Dial made it to the runoff after running light-hearted ads featuring a catchy jingle proclaiming, “It’s Dial time.” Trailing by a significant margin, however, Dial went negative this month.

Ads by Dial’s campaign referenced a 1986 divorce petition filed by Pate’s ex-wife, Carolyn, that accused Pate of domestic violence.

Pate hotly disputed the allegation.

“I denied that then and I deny that now,” he told the Decatur Daily earlier this month.

Pate told the paper that he and his ex-wife now exchange Christmas cards and that she wrote a note in May explaining that she and her ex-husband hurled hurtful words at one another at the end of what had been a good marriage.

Pate had the backing of powerful agriculture and business interests, including the Alabama Farmers Federation, or Alfa. The group’s political action committee donated nearly $100,000 in cash and in-kind donations. That was nearly a fifth of Pate’s total.

Pate also racked up endorsements from the Business Council of Alabama, the Alabama Forestry Association, the Associated General Contractors of Alabama and the Alabama Cattlemen’s Association, among others.

The Lowndesboro mayor, who owns a cattle ranch and runs a landscaping company, pledged to use the department to help farmers improve productivity.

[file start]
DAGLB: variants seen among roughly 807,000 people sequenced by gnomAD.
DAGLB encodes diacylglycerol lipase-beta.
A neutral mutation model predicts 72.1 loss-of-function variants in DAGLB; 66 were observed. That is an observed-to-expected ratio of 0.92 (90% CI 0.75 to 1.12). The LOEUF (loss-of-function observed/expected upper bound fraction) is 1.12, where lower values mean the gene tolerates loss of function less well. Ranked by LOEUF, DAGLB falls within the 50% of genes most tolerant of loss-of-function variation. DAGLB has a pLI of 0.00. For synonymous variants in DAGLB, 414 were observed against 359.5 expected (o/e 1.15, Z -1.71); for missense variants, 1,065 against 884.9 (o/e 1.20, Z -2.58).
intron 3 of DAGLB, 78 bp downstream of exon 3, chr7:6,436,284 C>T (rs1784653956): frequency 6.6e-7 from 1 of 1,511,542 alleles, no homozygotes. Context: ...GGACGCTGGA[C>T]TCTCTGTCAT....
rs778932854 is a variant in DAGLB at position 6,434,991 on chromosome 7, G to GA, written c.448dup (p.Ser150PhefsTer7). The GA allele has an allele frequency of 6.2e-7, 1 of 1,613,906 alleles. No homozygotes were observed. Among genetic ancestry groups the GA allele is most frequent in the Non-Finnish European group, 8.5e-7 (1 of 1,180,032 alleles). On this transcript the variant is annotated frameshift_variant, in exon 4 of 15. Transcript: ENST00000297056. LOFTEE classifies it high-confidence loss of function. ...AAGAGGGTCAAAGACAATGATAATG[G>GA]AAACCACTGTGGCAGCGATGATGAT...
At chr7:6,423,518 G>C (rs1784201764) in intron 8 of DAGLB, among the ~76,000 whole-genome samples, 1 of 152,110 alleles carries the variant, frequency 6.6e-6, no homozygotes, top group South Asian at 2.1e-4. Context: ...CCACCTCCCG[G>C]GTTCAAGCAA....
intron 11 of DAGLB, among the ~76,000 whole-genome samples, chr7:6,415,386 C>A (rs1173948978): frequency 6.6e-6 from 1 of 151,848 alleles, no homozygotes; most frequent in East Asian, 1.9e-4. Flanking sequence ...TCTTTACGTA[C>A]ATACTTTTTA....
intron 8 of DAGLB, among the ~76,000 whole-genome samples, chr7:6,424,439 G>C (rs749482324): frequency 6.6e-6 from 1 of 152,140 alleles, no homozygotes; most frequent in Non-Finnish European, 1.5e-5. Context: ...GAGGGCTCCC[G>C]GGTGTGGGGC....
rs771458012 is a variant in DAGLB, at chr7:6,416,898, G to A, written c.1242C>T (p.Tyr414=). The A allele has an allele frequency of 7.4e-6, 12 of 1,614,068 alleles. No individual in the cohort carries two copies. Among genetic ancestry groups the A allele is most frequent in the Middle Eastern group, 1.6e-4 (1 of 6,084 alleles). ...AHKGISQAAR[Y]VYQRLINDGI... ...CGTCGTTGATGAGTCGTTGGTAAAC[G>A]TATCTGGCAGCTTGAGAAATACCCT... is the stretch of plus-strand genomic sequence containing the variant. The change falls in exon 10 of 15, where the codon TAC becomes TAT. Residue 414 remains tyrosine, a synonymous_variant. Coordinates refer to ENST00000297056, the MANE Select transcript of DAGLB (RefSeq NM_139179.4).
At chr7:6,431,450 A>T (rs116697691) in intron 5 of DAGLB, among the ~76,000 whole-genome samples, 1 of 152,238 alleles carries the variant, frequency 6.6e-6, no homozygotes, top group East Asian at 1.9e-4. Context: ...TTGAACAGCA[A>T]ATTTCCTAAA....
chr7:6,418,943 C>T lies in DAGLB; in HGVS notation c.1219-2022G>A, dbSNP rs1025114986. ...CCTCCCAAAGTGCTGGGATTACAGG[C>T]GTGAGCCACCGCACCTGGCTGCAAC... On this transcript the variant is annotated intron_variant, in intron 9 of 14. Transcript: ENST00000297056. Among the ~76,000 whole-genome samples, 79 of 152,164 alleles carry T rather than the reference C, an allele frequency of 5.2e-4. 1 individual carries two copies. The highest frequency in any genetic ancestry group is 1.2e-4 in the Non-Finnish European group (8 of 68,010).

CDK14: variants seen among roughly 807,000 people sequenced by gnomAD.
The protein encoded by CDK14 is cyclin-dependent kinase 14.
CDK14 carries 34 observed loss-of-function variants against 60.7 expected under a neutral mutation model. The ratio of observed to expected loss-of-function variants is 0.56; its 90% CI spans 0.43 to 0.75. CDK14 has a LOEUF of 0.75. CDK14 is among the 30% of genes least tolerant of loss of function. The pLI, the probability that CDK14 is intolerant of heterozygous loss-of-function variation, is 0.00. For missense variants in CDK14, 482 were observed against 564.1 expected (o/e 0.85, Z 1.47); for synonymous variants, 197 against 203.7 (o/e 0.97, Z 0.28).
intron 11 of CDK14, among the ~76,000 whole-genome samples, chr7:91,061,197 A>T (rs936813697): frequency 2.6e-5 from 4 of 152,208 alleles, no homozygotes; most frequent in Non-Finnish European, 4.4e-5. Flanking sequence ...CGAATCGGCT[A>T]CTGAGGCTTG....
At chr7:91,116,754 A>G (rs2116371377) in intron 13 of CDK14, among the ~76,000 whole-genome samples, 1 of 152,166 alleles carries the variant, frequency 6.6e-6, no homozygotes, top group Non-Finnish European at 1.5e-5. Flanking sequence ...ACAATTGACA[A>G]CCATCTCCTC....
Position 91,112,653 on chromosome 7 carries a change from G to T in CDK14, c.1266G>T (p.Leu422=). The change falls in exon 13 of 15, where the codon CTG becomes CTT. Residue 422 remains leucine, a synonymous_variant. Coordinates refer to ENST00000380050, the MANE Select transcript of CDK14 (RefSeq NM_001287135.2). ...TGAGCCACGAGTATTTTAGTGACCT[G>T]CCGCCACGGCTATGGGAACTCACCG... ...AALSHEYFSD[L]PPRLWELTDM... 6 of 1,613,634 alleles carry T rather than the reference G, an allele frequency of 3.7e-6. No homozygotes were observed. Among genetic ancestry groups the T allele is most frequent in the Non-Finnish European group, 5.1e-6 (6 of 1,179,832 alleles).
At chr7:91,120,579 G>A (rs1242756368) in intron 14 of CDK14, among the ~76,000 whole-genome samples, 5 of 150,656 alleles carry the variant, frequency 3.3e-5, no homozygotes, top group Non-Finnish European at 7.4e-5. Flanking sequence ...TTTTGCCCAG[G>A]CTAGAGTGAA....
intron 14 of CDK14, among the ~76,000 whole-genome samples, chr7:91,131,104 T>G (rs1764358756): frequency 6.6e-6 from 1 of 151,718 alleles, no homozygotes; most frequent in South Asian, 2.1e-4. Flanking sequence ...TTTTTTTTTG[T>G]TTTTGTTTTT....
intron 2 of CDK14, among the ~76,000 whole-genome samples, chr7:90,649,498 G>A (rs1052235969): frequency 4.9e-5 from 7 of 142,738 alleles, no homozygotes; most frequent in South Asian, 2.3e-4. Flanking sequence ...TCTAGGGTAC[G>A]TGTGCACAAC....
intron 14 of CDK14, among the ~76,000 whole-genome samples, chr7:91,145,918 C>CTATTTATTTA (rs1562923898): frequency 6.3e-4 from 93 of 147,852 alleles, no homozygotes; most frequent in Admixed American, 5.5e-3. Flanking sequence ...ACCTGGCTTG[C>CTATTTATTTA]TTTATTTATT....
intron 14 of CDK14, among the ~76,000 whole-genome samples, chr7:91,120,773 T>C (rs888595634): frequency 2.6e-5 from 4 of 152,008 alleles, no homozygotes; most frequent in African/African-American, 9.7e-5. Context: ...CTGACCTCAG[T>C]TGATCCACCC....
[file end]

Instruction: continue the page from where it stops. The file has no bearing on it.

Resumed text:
Pate also promised to attack “over-regulation,” taxes and barriers to investment. He pointed out on his campaign website that some have estimated that food production will have to double by 2050 to meet worldwide demand.

It will take “visionary leaders who understand that we have to work smarter, not just harder, to achieve these goals,” according to the website.

Pate’s victory was broad. He won 59 counties — including Choctaw by a single vote — compared to just seven that went to Dial, who even lost his home base in Clay County.

The loss means Dial, come next year, will be out of elective office for the first time in 44 years.

@BrendanKKirby is a senior political reporter at LifeZette and author of “Wicked Mobile.”


2 hours ago

Ainsworth defeats Cavanaugh in Lt. Gov runoff election

After a long and hotly contested race, the Republican nominee for Lt. Governor in Alabama has been decided. Will Ainsworth defeated Public Service Commissioner Twinkle Cavanaugh in Tuesday night’s runoff election.

With 99 percent reporting, Ainsworth defeated Cavanaugh with a little more than ten thousand votes. Ainsworth received 51 percent of the vote, leaving Cavanaugh with 49 percent.

Ainsworth issued a tweet thanking those who supported and voted for him saying, “This is your victory as much as ours.”


Ainsworth also used the hashtag #ANewDayForAlabama in his first tweet since becoming the Republican nominee for Lt. Governor of Alabama.